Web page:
$1,750. That’s how much it costs to challenge a development permit approved by the Monterey County Planning Commission through an appeal to the Board of Supervisors. The fee is a long-established barrier to entry for prospective appellants.
It’s the amount the citizens’ group Public Water Now paid when it filed on May 16 with the board asking it to reconsider the development permit granted to California American Water for its proposed desalination plant on Charles Benson Road just outside Marina city limits.
California American Water is proposing to establish the plant as a new source of water for the Monterey Peninsula in order to relieve the overburdened Carmel River. The many opponents of the plan say that recycled water offers a cheaper and more environmentally friendly way to wean off river-pumped water.
A few days after Public Water appealed, another citizens’ group figured it can also fight the plant’s development permit—without having to pay any fee at all.
On May 20, Ron Weitzman, president of the Water Ratepayers Association of the Monterey Peninsula, composed a letter noting his objections to the desal plant and addressed it to the California Coastal Commission.
Normally, the commission is seen as a last resort, an ultimate arbiter empowered to override local planning decisions affecting the state’s coastline after all other appeals have been exhausted.
Weitzman, who is a policy wonk with years of water advocacy experience, realized recently that there may be a way to bypass the county supervisors and the fee they charge by turning directly to the commission.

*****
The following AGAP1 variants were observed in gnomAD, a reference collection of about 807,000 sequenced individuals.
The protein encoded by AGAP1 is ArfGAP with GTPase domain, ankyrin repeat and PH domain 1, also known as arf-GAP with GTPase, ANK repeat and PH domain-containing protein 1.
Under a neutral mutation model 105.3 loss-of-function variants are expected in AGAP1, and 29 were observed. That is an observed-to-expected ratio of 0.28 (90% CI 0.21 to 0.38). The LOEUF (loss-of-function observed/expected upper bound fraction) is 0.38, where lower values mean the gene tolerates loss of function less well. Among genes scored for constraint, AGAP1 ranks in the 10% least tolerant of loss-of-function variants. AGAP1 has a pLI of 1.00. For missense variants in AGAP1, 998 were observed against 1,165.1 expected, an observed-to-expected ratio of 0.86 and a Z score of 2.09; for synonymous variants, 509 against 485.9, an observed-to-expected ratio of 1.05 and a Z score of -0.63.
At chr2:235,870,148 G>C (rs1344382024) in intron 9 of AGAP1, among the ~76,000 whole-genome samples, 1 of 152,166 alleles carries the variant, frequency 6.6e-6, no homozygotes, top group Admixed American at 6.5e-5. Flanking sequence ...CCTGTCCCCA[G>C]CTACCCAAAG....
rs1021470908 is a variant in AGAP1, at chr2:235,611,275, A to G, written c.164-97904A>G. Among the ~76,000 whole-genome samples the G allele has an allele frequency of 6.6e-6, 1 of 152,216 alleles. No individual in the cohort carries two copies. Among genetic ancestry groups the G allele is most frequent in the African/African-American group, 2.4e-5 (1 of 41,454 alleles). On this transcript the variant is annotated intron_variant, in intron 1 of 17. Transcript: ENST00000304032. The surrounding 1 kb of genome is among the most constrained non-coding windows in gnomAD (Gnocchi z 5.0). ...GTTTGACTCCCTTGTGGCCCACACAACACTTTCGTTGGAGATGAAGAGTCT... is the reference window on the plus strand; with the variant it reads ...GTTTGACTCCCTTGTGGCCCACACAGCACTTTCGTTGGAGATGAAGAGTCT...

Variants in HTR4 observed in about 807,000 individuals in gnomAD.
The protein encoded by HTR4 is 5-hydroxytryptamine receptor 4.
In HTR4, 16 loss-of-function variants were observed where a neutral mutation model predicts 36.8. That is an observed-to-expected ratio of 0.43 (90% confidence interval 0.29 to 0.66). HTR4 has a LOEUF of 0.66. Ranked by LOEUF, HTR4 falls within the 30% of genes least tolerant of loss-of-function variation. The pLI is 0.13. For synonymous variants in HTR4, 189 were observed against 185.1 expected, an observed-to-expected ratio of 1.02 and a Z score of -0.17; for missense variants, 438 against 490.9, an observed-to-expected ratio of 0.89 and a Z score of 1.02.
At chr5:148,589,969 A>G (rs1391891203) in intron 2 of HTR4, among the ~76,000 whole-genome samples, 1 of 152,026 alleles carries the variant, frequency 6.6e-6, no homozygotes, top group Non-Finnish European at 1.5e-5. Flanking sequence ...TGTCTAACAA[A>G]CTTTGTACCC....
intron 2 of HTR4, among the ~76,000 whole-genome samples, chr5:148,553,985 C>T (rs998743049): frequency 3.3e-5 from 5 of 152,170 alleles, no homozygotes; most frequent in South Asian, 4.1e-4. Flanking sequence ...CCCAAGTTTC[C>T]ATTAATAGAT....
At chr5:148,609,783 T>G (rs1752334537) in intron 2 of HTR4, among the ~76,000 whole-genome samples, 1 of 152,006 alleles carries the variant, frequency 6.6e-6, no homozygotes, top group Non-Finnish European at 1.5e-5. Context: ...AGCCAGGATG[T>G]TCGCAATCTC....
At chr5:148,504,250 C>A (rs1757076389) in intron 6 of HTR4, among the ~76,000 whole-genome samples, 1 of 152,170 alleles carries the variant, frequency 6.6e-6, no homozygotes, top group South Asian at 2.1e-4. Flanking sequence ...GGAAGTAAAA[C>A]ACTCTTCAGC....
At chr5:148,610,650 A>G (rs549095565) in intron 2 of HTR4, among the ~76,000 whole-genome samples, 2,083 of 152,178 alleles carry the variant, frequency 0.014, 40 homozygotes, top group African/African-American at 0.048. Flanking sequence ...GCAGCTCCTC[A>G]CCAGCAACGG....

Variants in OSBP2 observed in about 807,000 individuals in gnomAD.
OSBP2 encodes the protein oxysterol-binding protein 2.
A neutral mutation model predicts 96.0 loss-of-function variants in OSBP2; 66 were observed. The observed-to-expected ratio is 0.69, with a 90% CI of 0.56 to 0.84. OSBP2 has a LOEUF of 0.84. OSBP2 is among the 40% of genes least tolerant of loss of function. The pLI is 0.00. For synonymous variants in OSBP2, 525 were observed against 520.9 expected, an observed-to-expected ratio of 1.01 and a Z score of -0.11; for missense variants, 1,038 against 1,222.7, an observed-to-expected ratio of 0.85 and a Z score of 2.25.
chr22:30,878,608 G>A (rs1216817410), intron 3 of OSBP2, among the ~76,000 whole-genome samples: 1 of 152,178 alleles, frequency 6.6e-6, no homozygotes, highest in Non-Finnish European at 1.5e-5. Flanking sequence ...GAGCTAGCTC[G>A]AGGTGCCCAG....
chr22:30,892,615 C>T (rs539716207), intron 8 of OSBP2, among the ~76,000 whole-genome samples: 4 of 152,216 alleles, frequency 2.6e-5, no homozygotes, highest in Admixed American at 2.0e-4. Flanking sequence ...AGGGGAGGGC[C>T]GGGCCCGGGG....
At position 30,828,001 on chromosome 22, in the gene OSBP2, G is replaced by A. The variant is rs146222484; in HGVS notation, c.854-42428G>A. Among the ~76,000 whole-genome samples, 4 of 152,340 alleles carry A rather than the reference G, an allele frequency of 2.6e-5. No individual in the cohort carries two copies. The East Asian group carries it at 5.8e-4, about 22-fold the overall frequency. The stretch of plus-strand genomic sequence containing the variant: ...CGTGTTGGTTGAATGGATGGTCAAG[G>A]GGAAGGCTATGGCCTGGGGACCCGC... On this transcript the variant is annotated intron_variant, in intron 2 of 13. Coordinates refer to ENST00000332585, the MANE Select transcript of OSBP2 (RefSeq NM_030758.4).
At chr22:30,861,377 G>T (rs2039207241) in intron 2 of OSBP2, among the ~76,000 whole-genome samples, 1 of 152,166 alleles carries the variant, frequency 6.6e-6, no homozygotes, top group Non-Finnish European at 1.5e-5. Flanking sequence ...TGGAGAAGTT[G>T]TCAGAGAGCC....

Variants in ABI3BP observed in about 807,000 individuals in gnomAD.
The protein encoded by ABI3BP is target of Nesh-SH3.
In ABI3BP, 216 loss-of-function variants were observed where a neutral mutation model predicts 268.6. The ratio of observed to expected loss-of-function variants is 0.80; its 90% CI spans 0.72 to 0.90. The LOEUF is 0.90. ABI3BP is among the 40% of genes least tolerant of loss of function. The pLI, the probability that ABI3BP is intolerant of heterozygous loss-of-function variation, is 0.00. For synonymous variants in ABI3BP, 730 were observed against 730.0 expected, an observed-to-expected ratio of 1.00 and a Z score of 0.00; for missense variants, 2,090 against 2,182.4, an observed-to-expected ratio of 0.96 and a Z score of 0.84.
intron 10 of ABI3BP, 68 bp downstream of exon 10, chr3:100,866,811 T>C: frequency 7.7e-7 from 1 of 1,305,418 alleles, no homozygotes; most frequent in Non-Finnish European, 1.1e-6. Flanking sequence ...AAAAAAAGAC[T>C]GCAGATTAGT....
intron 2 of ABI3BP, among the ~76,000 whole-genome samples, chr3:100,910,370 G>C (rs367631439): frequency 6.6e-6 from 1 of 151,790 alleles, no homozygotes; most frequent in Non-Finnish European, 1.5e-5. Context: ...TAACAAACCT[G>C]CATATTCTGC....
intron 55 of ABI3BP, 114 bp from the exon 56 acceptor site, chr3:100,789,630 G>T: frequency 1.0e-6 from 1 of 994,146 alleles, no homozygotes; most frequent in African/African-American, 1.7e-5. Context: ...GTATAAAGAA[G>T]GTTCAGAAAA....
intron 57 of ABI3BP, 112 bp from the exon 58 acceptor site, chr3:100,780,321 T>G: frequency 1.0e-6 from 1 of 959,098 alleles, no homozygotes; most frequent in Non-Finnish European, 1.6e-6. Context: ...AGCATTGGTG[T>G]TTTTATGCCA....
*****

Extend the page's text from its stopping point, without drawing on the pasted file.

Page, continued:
Incidentally, it was Cal Am that turned him onto the possibility.
Weitzman watched as company moved to overcome strident opposition in the city of Marina, whose shores would host the intake wells and some pipelines for the desalination plant. He saw the city’s Planning Commission deny Cal Am a permit for the wells. And he wasn’t the least bit surprised when Cal Am appealed that denial to Marina City Council.
Weitzman continued to pay close attention when, at the very last minute, Cal Am withdrew its appeal after leveling the allegation that three of five councilmembers were too tainted by bias to fairly evaluate the permit application.
Disoriented, Marina officials took a week to think about it and then said, essentially, “that suits us just fine.” According to the city's interpretation of the rules, Cal Am forfeited its right to appeal to the Coastal Commission because the company did not first exhaust the city’s appeals process.
But that interpretation was soon refuted by Coastal Commission staff, who say Cal Am possess the right to appeal by virtue of one simple fact: Marina City Council charges a fee for appeals and whenever such a fee exists, the right to a hearing before the Coastal Commission is automatic.
“By looking at what happened, I realize that I could do what Cal Am did,” Weitzman says.
Hearing dates for both appeals are not yet scheduled.